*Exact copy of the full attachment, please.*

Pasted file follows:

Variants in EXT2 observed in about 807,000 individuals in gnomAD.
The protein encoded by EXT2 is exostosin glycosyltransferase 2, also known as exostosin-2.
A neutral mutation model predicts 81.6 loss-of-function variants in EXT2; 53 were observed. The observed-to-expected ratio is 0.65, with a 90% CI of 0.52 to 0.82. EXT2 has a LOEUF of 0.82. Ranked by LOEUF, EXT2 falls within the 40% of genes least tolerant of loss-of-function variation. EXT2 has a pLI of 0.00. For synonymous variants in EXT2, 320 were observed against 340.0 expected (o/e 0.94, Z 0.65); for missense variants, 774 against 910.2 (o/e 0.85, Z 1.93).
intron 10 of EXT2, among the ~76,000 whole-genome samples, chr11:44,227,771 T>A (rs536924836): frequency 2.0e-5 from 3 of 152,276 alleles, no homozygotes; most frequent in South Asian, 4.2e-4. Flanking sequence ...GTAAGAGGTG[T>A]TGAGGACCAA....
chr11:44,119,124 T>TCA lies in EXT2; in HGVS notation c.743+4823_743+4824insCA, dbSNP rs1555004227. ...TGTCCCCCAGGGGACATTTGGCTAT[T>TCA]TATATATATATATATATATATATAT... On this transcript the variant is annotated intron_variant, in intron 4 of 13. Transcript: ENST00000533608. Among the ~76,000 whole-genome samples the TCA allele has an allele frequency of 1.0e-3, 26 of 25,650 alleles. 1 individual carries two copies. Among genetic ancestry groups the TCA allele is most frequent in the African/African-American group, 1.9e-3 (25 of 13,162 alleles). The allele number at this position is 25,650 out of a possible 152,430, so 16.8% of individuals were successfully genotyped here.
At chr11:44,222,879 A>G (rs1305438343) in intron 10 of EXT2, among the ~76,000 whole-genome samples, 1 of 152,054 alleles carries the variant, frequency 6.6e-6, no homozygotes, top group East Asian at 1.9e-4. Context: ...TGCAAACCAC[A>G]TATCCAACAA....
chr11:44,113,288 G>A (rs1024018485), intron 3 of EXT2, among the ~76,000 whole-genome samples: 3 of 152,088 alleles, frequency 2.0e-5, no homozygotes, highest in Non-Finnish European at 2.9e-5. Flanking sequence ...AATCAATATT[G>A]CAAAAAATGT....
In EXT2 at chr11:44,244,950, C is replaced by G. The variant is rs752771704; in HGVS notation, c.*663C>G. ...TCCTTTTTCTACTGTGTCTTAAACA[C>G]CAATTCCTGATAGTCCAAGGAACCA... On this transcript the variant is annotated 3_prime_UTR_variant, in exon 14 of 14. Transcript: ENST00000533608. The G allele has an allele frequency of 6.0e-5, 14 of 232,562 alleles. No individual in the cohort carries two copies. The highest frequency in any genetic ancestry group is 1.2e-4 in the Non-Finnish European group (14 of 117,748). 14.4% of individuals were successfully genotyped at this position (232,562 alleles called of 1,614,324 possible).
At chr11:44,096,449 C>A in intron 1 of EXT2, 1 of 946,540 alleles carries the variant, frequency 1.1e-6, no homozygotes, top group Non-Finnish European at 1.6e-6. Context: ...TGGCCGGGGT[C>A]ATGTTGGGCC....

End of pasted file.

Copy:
Variants in EXT2 observed in about 807,000 individuals in gnomAD.
The protein encoded by EXT2 is exostosin glycosyltransferase 2, also known as exostosin-2.
A neutral mutation model predicts 81.6 loss-of-function variants in EXT2; 53 were observed. The observed-to-expected ratio is 0.65, with a 90% CI of 0.52 to 0.82. EXT2 has a LOEUF of 0.82. Ranked by LOEUF, EXT2 falls within the 40% of genes least tolerant of loss-of-function variation. EXT2 has a pLI of 0.00. For synonymous variants in EXT2, 320 were observed against 340.0 expected (o/e 0.94, Z 0.65); for missense variants, 774 against 910.2 (o/e 0.85, Z 1.93).
intron 10 of EXT2, among the ~76,000 whole-genome samples, chr11:44,227,771 T>A (rs536924836): frequency 2.0e-5 from 3 of 152,276 alleles, no homozygotes; most frequent in South Asian, 4.2e-4. Flanking sequence ...GTAAGAGGTG[T>A]TGAGGACCAA....
chr11:44,119,124 T>TCA lies in EXT2; in HGVS notation c.743+4823_743+4824insCA, dbSNP rs1555004227. ...TGTCCCCCAGGGGACATTTGGCTAT[T>TCA]TATATATATATATATATATATATAT... On this transcript the variant is annotated intron_variant, in intron 4 of 13. Transcript: ENST00000533608. Among the ~76,000 whole-genome samples the TCA allele has an allele frequency of 1.0e-3, 26 of 25,650 alleles. 1 individual carries two copies. Among genetic ancestry groups the TCA allele is most frequent in the African/African-American group, 1.9e-3 (25 of 13,162 alleles). The allele number at this position is 25,650 out of a possible 152,430, so 16.8% of individuals were successfully genotyped here.
At chr11:44,222,879 A>G (rs1305438343) in intron 10 of EXT2, among the ~76,000 whole-genome samples, 1 of 152,054 alleles carries the variant, frequency 6.6e-6, no homozygotes, top group East Asian at 1.9e-4. Context: ...TGCAAACCAC[A>G]TATCCAACAA....
chr11:44,113,288 G>A (rs1024018485), intron 3 of EXT2, among the ~76,000 whole-genome samples: 3 of 152,088 alleles, frequency 2.0e-5, no homozygotes, highest in Non-Finnish European at 2.9e-5. Flanking sequence ...AATCAATATT[G>A]CAAAAAATGT....
In EXT2 at chr11:44,244,950, C is replaced by G. The variant is rs752771704; in HGVS notation, c.*663C>G. ...TCCTTTTTCTACTGTGTCTTAAACA[C>G]CAATTCCTGATAGTCCAAGGAACCA... On this transcript the variant is annotated 3_prime_UTR_variant, in exon 14 of 14. Transcript: ENST00000533608. The G allele has an allele frequency of 6.0e-5, 14 of 232,562 alleles. No individual in the cohort carries two copies. The highest frequency in any genetic ancestry group is 1.2e-4 in the Non-Finnish European group (14 of 117,748). 14.4% of individuals were successfully genotyped at this position (232,562 alleles called of 1,614,324 possible).
At chr11:44,096,449 C>A in intron 1 of EXT2, 1 of 946,540 alleles carries the variant, frequency 1.1e-6, no homozygotes, top group Non-Finnish European at 1.6e-6. Context: ...TGGCCGGGGT[C>A]ATGTTGGGCC....